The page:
Who’s there to drop a load of the kid’s friends to the movies, wait in long lines at the doctor’s office after taking the day from work, fix dinner in work clothes after arriving home from screaming clients all day, or fight for child support because one idiot refuses to pay? The sheriff — um, no, I meant to say, “the parent.” Or in my case, the mom.
As a mother of a teenager, I can say to all other single parents of teens, “Bless you,” especially if they turn out alright in the end. Although my son displays brilliance at the drop of a hat, his social skills are on the precipice of mild insanity, as if he’s afraid he won’t fit in with the guys. The truth is, he’s far better than holding himself back to fit in for two more years. Cameron has a blinding bright future ahead of him.
While being homeschooled, his grades shined like the sun in the heavens — until I began working and expected him to proceed on his own. Meanwhile, his father insisted he’s “normal” and should attend public school. I tried to set clear expectations but caved after being pestered by him and our son. Instead of going to a school focusing on kids with special qualities, I registered him in public school three years ago. Cameron’s grades took a major dip. “He’s new to the system and needs to adjust,” I was told. I backed off and waited — for three years. Each and every year his scores dip lower and lower. His final term last year was below a 2.0.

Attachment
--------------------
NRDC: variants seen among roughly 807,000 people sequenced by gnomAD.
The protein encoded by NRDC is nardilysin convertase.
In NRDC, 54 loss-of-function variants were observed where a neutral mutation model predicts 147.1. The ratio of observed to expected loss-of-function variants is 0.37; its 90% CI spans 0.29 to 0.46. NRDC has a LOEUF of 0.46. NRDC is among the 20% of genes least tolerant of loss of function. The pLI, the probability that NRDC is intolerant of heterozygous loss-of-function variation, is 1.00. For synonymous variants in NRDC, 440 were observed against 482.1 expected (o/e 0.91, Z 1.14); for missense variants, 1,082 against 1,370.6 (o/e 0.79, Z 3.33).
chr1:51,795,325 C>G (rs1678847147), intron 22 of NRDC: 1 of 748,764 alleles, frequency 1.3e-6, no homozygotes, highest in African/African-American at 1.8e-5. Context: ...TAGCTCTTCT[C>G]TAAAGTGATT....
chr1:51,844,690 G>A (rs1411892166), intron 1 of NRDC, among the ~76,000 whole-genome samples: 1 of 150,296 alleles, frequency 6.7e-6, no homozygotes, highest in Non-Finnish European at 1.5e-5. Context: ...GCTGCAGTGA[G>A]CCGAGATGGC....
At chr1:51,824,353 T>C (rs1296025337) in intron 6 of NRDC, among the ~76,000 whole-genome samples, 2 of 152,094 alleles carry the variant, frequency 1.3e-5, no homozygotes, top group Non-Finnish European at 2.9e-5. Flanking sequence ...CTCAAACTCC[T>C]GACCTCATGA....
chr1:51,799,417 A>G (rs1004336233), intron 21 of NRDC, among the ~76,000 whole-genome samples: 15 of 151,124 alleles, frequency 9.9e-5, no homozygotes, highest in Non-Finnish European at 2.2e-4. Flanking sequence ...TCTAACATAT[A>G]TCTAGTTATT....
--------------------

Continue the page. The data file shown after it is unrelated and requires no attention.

“That’s it! At the rate you’re going, there will be nothing left to salvage after high school. Universities won’t accept you, much less fight for you, and the military will take you on as one of the lost kids who doesn’t know where else to go after their parents kick them out — as a last resort. This is not a plan! Instead, you’ll attend the Utah Military Academy (UMA) this year.”
Nikki, his kid sister, jumps up and down with glee. Her intent is to become a dog-handler for the military or even continue on as a military vet. Whichever she decides, it’s quite a phenomenal feat that makes her mother’s heart swell with pride.
Cameron isn’t so perky about the whole idea. He doesn’t want to abandon his friends and girlfriend this year, especially after we had the big “Condom Talk.” I explained that if he gives it a couple of months, he’ll find he fits right in and probably love it. Meanwhile, he’s determined to get his driver’s license all of a sudden. Hmm, I smell freedom in the wake. With all of this going on, I’ve given him a “bad guy” ultimatum.
If he decides not to attend military school, he’s going to his father’s house because he’s given up. I won’t quit on him even if it means I have to stop being “the good guy.” Now I wonder, am I making the right choice?